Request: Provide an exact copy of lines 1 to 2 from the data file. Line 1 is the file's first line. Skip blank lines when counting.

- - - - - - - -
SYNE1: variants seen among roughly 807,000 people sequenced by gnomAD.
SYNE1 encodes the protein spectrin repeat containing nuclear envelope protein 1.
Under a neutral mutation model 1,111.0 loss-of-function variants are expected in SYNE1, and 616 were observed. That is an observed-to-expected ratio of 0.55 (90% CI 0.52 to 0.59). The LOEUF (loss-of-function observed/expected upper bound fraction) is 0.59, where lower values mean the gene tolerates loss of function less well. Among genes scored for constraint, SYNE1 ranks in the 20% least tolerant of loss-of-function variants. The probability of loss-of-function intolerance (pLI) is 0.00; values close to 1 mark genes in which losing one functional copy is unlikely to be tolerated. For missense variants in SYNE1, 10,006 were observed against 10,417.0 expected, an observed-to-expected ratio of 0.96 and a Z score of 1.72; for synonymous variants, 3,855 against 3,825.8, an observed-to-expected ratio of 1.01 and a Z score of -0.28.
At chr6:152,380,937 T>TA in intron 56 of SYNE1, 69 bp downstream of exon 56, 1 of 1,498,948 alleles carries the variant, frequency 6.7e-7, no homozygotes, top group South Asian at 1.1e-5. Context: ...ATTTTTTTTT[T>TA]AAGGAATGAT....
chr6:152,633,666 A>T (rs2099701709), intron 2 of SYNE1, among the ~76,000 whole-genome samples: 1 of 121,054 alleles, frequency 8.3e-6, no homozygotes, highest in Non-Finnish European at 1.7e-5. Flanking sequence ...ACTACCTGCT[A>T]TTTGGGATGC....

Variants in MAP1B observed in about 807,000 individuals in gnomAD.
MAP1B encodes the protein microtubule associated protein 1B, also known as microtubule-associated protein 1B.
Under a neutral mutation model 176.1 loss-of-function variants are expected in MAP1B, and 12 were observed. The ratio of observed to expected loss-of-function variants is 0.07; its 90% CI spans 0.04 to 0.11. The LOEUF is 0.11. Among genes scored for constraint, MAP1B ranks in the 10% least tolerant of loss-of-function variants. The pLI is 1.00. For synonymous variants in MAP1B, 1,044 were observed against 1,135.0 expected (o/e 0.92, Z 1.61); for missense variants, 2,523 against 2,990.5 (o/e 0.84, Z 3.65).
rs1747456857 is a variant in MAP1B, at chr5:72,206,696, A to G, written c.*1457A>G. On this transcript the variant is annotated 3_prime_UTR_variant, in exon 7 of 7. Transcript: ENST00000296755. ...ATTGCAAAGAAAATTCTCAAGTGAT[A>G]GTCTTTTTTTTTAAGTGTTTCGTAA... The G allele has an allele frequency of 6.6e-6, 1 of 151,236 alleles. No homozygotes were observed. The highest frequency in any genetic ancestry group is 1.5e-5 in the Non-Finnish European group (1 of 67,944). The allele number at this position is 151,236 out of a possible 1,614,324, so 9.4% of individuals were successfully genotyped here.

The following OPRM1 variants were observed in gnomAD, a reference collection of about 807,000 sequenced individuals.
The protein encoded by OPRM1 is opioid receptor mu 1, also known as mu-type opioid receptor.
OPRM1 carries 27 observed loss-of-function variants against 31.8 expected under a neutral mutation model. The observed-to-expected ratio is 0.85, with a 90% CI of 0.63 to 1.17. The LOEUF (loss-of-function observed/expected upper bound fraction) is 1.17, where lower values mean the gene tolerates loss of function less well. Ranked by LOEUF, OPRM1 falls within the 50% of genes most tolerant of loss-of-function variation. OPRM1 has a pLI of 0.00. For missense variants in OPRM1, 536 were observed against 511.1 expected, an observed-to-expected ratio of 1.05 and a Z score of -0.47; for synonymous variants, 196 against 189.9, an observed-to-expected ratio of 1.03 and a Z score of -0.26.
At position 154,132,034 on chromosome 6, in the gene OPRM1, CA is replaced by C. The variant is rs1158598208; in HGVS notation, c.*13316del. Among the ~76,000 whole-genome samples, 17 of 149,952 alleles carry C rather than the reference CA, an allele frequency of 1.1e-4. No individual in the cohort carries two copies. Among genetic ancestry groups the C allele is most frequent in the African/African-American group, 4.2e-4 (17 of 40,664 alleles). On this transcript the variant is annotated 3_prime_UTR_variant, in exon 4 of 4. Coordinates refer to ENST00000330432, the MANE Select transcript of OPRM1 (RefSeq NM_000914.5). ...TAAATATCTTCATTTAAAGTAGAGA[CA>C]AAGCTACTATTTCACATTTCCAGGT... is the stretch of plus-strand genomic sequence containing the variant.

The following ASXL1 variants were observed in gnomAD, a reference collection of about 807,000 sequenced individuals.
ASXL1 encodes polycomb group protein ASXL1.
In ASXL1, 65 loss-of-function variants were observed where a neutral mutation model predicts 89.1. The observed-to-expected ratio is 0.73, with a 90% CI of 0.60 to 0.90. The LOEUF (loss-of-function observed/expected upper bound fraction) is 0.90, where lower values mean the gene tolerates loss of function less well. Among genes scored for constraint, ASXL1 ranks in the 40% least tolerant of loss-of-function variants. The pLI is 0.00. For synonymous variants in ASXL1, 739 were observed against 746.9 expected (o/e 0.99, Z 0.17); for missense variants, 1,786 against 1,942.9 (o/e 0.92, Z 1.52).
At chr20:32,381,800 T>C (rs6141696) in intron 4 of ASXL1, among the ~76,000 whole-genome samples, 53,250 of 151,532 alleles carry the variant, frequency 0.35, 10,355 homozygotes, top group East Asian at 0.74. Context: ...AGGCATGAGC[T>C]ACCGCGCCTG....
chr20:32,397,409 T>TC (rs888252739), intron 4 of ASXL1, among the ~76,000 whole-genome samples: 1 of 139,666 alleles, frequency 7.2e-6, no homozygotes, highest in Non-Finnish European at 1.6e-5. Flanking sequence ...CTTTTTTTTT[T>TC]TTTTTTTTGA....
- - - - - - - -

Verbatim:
SYNE1: variants seen among roughly 807,000 people sequenced by gnomAD.
SYNE1 encodes the protein spectrin repeat containing nuclear envelope protein 1.